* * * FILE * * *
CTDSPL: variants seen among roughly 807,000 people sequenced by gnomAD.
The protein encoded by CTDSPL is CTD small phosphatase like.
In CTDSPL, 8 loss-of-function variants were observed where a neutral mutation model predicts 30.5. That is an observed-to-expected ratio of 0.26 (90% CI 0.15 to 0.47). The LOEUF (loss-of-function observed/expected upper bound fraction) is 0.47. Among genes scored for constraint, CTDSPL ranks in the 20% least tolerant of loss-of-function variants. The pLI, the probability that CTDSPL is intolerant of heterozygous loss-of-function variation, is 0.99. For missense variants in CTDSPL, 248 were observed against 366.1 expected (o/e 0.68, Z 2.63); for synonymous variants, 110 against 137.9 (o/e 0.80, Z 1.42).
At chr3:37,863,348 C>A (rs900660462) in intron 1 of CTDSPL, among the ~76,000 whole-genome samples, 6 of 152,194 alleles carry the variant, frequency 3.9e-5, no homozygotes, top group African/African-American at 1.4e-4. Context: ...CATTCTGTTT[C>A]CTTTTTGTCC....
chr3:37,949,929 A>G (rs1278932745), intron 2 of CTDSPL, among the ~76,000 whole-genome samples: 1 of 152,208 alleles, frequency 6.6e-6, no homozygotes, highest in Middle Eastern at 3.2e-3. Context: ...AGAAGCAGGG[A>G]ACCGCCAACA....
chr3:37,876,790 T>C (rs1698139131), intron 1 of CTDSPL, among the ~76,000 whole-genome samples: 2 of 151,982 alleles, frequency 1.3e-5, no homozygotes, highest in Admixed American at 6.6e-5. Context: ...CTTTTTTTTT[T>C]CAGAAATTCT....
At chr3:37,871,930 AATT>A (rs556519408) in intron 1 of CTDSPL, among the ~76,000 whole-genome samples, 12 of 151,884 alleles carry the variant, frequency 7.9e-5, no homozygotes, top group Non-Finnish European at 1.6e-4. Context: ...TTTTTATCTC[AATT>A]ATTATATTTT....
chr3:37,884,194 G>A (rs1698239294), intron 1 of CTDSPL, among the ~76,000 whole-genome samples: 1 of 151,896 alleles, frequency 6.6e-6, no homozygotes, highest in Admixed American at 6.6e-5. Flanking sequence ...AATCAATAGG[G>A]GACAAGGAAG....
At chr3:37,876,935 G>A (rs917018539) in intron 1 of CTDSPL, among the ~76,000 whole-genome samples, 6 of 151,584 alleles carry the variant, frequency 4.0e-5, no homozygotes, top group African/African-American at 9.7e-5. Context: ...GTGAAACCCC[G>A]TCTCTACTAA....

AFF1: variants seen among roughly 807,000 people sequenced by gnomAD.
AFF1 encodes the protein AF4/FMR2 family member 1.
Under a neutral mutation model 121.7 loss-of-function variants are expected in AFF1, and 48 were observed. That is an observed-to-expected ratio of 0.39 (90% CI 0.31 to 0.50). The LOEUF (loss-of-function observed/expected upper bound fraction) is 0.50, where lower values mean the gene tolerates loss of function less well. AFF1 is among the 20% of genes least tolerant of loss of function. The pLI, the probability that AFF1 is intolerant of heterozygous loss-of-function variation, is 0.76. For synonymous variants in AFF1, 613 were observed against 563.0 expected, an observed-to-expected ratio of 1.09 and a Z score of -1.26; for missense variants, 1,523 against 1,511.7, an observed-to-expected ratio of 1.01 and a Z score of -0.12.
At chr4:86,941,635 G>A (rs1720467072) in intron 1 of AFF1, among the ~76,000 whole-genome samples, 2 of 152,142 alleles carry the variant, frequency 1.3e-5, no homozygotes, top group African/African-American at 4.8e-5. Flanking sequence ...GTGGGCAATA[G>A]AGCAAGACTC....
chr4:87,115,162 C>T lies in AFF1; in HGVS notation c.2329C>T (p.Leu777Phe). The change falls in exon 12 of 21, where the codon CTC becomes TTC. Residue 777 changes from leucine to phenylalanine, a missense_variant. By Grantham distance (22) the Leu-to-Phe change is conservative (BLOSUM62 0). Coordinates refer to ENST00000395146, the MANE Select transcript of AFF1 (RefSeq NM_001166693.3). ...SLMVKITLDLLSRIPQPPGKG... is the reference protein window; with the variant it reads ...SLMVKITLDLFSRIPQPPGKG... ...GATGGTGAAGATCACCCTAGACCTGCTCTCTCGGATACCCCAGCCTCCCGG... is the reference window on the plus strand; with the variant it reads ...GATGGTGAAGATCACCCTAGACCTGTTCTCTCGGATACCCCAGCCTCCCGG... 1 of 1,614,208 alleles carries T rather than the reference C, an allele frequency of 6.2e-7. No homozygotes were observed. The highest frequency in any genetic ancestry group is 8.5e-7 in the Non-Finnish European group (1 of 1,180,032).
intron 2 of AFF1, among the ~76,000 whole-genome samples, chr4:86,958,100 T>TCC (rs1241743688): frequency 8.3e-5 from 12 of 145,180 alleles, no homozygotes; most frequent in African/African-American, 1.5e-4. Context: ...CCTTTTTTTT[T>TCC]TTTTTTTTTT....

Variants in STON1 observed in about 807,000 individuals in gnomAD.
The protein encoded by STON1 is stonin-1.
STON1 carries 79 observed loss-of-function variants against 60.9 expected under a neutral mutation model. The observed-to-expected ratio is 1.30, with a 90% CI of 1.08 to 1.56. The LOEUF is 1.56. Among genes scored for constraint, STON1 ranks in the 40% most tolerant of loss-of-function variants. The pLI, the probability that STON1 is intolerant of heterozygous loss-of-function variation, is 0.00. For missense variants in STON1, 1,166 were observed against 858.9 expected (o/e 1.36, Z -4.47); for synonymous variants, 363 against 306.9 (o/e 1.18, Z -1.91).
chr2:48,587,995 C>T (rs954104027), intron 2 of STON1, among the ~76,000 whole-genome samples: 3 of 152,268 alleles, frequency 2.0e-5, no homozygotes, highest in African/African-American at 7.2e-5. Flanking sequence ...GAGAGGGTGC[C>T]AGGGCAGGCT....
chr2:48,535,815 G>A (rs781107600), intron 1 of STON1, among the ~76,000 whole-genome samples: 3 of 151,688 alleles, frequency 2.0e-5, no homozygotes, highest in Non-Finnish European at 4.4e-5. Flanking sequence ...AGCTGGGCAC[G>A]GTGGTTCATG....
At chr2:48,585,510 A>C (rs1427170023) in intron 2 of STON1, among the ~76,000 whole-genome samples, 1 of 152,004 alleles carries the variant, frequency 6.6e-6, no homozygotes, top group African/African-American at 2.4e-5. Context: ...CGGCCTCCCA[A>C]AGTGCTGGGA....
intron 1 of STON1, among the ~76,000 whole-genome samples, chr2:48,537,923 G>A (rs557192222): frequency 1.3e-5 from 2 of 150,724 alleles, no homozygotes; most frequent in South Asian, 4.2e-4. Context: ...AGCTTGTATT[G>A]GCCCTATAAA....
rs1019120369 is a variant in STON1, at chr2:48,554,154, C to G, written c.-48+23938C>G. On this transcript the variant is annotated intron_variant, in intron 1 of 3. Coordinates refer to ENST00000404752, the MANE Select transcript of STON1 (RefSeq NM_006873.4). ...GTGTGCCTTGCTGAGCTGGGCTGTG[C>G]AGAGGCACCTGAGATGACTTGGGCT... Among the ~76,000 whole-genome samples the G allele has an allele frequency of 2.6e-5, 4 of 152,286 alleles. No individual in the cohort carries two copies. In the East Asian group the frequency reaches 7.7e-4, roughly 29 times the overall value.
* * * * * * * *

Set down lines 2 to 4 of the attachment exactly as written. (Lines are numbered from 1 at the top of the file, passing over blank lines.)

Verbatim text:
The protein encoded by CTDSPL is CTD small phosphatase like.
In CTDSPL, 8 loss-of-function variants were observed where a neutral mutation model predicts 30.5. That is an observed-to-expected ratio of 0.26 (90% CI 0.15 to 0.47). The LOEUF (loss-of-function observed/expected upper bound fraction) is 0.47. Among genes scored for constraint, CTDSPL ranks in the 20% least tolerant of loss-of-function variants. The pLI, the probability that CTDSPL is intolerant of heterozygous loss-of-function variation, is 0.99. For missense variants in CTDSPL, 248 were observed against 366.1 expected (o/e 0.68, Z 2.63); for synonymous variants, 110 against 137.9 (o/e 0.80, Z 1.42).
At chr3:37,863,348 C>A (rs900660462) in intron 1 of CTDSPL, among the ~76,000 whole-genome samples, 6 of 152,194 alleles carry the variant, frequency 3.9e-5, no homozygotes, top group African/African-American at 1.4e-4. Context: ...CATTCTGTTT[C>A]CTTTTTGTCC....